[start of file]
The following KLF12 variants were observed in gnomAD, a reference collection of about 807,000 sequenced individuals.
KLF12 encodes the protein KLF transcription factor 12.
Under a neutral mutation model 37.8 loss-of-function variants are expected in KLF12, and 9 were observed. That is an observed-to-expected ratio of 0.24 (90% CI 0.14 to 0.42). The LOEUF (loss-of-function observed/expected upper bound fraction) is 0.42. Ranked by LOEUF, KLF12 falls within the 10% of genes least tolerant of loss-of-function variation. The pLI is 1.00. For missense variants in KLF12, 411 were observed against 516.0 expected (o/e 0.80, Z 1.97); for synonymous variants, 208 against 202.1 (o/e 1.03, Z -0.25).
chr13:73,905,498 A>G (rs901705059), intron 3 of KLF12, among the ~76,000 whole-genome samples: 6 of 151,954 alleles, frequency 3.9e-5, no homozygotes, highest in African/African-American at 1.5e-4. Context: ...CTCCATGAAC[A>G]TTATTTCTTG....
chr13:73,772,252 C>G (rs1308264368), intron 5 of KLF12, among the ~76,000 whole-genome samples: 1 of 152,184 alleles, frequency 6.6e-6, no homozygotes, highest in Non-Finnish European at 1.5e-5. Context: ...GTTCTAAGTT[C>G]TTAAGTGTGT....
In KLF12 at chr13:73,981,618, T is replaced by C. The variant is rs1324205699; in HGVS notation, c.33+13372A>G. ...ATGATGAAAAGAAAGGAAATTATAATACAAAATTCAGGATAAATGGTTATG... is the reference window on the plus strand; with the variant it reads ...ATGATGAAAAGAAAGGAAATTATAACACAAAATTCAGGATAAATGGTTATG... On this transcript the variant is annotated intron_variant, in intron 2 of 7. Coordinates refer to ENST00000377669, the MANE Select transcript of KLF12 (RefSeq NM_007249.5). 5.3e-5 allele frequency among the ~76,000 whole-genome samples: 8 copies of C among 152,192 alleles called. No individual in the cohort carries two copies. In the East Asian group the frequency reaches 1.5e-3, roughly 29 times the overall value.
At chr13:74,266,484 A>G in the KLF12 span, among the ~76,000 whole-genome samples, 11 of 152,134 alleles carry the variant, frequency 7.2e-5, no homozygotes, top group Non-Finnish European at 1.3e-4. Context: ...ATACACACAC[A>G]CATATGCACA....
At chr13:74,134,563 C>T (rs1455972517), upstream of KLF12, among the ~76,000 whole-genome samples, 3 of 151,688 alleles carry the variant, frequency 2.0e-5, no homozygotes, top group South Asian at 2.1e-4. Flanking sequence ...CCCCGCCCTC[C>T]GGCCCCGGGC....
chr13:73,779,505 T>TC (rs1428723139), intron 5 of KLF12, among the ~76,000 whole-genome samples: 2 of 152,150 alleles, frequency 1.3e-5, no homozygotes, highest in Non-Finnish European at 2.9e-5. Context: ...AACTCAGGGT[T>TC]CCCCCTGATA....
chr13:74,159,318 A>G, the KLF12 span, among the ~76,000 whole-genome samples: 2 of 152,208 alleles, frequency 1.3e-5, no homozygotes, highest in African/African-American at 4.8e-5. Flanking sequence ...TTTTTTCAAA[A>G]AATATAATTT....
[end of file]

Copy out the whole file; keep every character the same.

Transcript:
The following KLF12 variants were observed in gnomAD, a reference collection of about 807,000 sequenced individuals.
KLF12 encodes the protein KLF transcription factor 12.
Under a neutral mutation model 37.8 loss-of-function variants are expected in KLF12, and 9 were observed. That is an observed-to-expected ratio of 0.24 (90% CI 0.14 to 0.42). The LOEUF (loss-of-function observed/expected upper bound fraction) is 0.42. Ranked by LOEUF, KLF12 falls within the 10% of genes least tolerant of loss-of-function variation. The pLI is 1.00. For missense variants in KLF12, 411 were observed against 516.0 expected (o/e 0.80, Z 1.97); for synonymous variants, 208 against 202.1 (o/e 1.03, Z -0.25).
chr13:73,905,498 A>G (rs901705059), intron 3 of KLF12, among the ~76,000 whole-genome samples: 6 of 151,954 alleles, frequency 3.9e-5, no homozygotes, highest in African/African-American at 1.5e-4. Context: ...CTCCATGAAC[A>G]TTATTTCTTG....
chr13:73,772,252 C>G (rs1308264368), intron 5 of KLF12, among the ~76,000 whole-genome samples: 1 of 152,184 alleles, frequency 6.6e-6, no homozygotes, highest in Non-Finnish European at 1.5e-5. Context: ...GTTCTAAGTT[C>G]TTAAGTGTGT....
In KLF12 at chr13:73,981,618, T is replaced by C. The variant is rs1324205699; in HGVS notation, c.33+13372A>G. ...ATGATGAAAAGAAAGGAAATTATAATACAAAATTCAGGATAAATGGTTATG... is the reference window on the plus strand; with the variant it reads ...ATGATGAAAAGAAAGGAAATTATAACACAAAATTCAGGATAAATGGTTATG... On this transcript the variant is annotated intron_variant, in intron 2 of 7. Coordinates refer to ENST00000377669, the MANE Select transcript of KLF12 (RefSeq NM_007249.5). 5.3e-5 allele frequency among the ~76,000 whole-genome samples: 8 copies of C among 152,192 alleles called. No individual in the cohort carries two copies. In the East Asian group the frequency reaches 1.5e-3, roughly 29 times the overall value.
At chr13:74,266,484 A>G in the KLF12 span, among the ~76,000 whole-genome samples, 11 of 152,134 alleles carry the variant, frequency 7.2e-5, no homozygotes, top group Non-Finnish European at 1.3e-4. Context: ...ATACACACAC[A>G]CATATGCACA....
At chr13:74,134,563 C>T (rs1455972517), upstream of KLF12, among the ~76,000 whole-genome samples, 3 of 151,688 alleles carry the variant, frequency 2.0e-5, no homozygotes, top group South Asian at 2.1e-4. Flanking sequence ...CCCCGCCCTC[C>T]GGCCCCGGGC....
chr13:73,779,505 T>TC (rs1428723139), intron 5 of KLF12, among the ~76,000 whole-genome samples: 2 of 152,150 alleles, frequency 1.3e-5, no homozygotes, highest in Non-Finnish European at 2.9e-5. Context: ...AACTCAGGGT[T>TC]CCCCCTGATA....
chr13:74,159,318 A>G, the KLF12 span, among the ~76,000 whole-genome samples: 2 of 152,208 alleles, frequency 1.3e-5, no homozygotes, highest in African/African-American at 4.8e-5. Flanking sequence ...TTTTTTCAAA[A>G]AATATAATTT....